Anything injected into our bodies must be pathogen and particle free. Pharmaceutical and biopharmaceutical manufacturers assure this with aseptic manufacturing and packaging processes.
Aseptic processing cleans and sterilizes the product, container, closure, machine components, and anything else that touches the product prior to manufacturing. Then it puts everything together without contaminating it.
People are the dirtiest part of the process and the most difficult to control. We are particle and germ producing machines. The key to aseptic processing is keeping people and product separated.
Separation begins with gowning. This is an elaborate process that encases the operator in a sterile cocoon. It’s not cheap. One engineer has estimated that a complete gown set of coveralls, hood, booties, and more costs more than $10. The typical operator will gown at least twice a day. It’s not fast either. It typically takes an experienced operator five to 10 minutes to cycle through the gowning process.
Four aseptic packaging options to consider.
Various technologies exist today for pharma and biopharma manufacturers: (1) full Class 100 cleanrooms, (2) isolator machines, (3) Restricted Access Barrier Systems (RABS), and (4) single-use systems. Which one will be right for you?
1. Class 100 cleanrooms:
Cleanroom technology was originally developed in the 1960s for the aerospace and electronics industries to prevent particulate contamination of micro components. Bacteria are particles and the pharmaceutical industry quickly realized that this technology could assure sterile air.
Class 100 cleanrooms, the most common in aseptic manufacturing (ISO 5 and Grade A/B are functionally equivalent), use High Efficiency Particulate Air (HEPA) filters to remove all particles and bacteria. High-volume laminar or unidirectional air flow reduces transfer of particles from one location to another.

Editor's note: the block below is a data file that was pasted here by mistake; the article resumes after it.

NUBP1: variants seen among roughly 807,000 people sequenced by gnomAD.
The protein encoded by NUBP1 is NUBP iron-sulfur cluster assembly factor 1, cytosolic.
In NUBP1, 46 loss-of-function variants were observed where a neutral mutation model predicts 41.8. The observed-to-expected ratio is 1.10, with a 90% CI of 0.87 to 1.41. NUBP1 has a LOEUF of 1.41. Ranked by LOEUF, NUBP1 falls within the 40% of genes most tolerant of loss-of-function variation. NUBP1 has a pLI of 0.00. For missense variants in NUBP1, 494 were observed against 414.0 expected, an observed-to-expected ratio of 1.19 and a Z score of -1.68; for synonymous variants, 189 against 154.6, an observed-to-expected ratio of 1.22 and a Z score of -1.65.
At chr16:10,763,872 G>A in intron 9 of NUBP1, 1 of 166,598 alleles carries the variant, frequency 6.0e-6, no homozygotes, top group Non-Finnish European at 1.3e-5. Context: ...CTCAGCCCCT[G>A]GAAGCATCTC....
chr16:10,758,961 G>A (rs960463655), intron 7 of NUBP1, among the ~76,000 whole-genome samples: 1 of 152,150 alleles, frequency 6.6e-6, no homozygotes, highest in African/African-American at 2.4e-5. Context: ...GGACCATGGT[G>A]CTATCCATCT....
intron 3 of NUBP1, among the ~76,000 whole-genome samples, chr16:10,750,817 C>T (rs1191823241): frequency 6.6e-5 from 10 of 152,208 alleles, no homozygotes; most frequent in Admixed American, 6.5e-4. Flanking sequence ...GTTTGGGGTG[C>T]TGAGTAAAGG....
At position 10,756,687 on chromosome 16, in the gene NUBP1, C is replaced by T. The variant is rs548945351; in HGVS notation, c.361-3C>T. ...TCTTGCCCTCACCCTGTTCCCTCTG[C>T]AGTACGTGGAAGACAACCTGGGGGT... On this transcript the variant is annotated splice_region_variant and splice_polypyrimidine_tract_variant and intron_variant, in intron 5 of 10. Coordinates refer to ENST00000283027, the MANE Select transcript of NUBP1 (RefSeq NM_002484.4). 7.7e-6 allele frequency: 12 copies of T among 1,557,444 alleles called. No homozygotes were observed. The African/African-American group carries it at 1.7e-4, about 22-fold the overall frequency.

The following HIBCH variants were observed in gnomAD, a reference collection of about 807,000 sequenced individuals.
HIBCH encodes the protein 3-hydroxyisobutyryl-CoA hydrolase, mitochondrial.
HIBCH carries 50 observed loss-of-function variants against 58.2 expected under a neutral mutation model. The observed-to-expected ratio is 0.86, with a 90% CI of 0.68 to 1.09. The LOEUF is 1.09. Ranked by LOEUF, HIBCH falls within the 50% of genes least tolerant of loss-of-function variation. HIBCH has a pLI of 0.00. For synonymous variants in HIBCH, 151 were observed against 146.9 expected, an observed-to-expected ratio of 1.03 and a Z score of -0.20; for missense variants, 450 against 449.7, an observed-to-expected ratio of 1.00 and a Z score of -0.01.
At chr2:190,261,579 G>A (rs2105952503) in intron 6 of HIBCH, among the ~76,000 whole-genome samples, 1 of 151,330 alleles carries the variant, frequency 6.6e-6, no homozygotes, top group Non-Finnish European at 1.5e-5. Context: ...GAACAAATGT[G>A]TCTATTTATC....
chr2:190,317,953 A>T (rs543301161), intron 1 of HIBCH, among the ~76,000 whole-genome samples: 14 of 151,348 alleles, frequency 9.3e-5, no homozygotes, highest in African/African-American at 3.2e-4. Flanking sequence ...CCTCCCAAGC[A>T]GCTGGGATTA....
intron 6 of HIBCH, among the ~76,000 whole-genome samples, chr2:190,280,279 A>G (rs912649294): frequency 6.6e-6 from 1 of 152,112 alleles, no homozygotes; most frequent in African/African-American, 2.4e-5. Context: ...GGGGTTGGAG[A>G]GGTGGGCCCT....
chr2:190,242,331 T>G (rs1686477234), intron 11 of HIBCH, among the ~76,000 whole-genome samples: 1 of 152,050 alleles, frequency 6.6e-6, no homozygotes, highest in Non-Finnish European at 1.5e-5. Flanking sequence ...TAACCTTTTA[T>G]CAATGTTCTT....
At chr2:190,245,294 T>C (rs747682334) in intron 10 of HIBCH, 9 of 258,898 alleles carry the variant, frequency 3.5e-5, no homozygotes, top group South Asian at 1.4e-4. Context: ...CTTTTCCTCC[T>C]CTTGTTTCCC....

In the 1970s, aseptic filling was done with standard machines under HEPA filter panels. Machine components above the container were a potential source of contamination and over time were moved below the working level as much as possible. Plastic curtains were added to better focus the filtered air onto the machine. The curtains also reminded the operators to avoid contact with the machine or product.
Manufacturers moved to controlling the entire room to Class 100 with 100% HEPA filter ceilings. This improved control but increased capital and operating costs, especially of air handling systems.
In the ’80s and ’90s, isolators were developed to provide improved barriers between people and product while reducing costs. An isolator has been described as a cleanroom in a box. The entire process is enclosed in a sealed cabinet, pressurized with HEPA filtered air. No operator access is permitted during operation other than via glove ports.
Isolator system (with top-mounted HEPA filters not shown).
Interior of isolator showing glove ports.
After the production run, the isolator is opened, cleaned, and prepped for the next run. Once resealed, the isolator is flooded with sterilant, typically vaporous hydrogen peroxide (VHP), sterilizing everything inside. Unlike traditional sanitizing by spraying or wiping, VHP gets into the tiniest crevices. Once sterilized, any final setup is done through the glove ports.
Theoretically, it should be possible to operate an isolator in an uncontrolled space, such as a warehouse, by operators wearing labcoats.
That’s the theory. In practice, many companies have installed their isolators in Class 100 cleanrooms. This provides an additional layer of cleanliness but at the cost that isolators were developed to avoid.